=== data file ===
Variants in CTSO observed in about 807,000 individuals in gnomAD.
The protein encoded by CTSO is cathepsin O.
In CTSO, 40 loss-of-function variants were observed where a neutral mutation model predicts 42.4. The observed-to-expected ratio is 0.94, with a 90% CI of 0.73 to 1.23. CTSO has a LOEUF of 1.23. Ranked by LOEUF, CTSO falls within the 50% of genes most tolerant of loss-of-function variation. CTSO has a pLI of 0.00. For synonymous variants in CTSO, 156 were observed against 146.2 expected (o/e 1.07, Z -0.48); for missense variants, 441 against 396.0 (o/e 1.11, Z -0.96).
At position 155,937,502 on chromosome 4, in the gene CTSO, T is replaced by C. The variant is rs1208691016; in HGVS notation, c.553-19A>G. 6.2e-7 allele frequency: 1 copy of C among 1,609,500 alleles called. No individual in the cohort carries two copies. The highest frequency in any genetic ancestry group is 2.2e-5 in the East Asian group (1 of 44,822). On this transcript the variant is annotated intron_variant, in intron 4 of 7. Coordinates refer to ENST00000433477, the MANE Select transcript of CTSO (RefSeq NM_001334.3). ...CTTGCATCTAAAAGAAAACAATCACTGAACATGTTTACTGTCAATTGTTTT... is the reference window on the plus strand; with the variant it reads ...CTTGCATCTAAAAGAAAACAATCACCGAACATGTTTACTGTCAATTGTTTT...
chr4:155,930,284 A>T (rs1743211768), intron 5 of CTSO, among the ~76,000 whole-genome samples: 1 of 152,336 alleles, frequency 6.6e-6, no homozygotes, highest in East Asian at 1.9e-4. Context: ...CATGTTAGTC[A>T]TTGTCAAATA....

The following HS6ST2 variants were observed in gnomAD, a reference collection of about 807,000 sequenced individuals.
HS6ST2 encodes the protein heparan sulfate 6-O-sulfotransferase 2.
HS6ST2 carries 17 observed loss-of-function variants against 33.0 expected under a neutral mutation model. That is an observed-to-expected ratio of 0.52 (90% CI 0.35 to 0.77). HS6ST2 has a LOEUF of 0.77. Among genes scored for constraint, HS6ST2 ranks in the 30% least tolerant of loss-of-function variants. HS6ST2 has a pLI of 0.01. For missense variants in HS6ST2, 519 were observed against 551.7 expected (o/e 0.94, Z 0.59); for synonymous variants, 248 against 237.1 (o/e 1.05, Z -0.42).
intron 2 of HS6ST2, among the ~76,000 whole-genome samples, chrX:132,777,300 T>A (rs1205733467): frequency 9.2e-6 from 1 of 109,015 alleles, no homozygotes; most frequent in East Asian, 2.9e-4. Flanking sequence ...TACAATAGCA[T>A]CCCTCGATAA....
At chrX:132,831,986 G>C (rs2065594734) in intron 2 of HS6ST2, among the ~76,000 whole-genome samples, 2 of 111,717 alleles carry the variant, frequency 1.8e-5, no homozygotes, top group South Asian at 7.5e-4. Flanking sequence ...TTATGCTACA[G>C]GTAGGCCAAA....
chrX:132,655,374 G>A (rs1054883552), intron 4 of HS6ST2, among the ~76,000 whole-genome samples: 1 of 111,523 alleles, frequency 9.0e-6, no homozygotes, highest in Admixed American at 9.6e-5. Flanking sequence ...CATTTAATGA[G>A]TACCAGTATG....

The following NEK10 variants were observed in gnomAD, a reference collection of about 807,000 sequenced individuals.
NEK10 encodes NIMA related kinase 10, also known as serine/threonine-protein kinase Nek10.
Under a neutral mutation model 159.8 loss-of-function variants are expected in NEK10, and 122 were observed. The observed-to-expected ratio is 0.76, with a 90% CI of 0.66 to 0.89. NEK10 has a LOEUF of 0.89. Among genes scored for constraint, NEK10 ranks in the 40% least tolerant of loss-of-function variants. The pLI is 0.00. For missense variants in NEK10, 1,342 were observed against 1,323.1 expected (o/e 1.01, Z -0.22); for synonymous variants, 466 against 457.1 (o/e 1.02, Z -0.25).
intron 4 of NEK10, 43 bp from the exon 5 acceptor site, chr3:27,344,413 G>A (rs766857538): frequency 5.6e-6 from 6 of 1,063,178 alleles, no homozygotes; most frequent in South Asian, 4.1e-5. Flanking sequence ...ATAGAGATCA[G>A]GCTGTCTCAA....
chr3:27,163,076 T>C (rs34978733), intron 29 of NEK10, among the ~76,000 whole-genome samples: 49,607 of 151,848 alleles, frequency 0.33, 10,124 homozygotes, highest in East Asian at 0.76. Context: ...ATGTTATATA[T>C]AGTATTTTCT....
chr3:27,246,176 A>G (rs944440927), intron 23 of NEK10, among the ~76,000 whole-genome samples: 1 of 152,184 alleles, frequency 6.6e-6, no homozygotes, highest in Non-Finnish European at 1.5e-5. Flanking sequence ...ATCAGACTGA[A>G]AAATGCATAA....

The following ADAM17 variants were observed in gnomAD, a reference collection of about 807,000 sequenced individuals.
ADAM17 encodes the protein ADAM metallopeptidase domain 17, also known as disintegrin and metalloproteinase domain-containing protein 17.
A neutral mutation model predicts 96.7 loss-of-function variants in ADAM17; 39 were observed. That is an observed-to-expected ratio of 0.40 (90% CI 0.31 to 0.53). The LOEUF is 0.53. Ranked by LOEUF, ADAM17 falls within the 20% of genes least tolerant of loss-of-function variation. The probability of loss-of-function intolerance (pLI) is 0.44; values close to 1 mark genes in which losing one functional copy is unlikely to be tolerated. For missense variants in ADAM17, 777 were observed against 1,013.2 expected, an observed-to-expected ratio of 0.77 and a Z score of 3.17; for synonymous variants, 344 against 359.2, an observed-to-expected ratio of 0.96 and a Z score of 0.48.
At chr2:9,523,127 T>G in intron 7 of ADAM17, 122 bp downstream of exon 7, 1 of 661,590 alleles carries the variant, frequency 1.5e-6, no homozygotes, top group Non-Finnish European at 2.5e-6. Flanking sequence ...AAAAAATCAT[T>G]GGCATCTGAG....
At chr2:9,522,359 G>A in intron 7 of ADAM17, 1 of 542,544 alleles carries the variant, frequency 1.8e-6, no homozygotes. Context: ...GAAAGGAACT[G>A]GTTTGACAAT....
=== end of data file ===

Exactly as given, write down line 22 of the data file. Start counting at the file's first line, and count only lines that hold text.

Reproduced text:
At chr2:9,522,359 G>A in intron 7 of ADAM17, 1 of 542,544 alleles carries the variant, frequency 1.8e-6, no homozygotes. Context: ...GAAAGGAACT[G>A]GTTTGACAAT....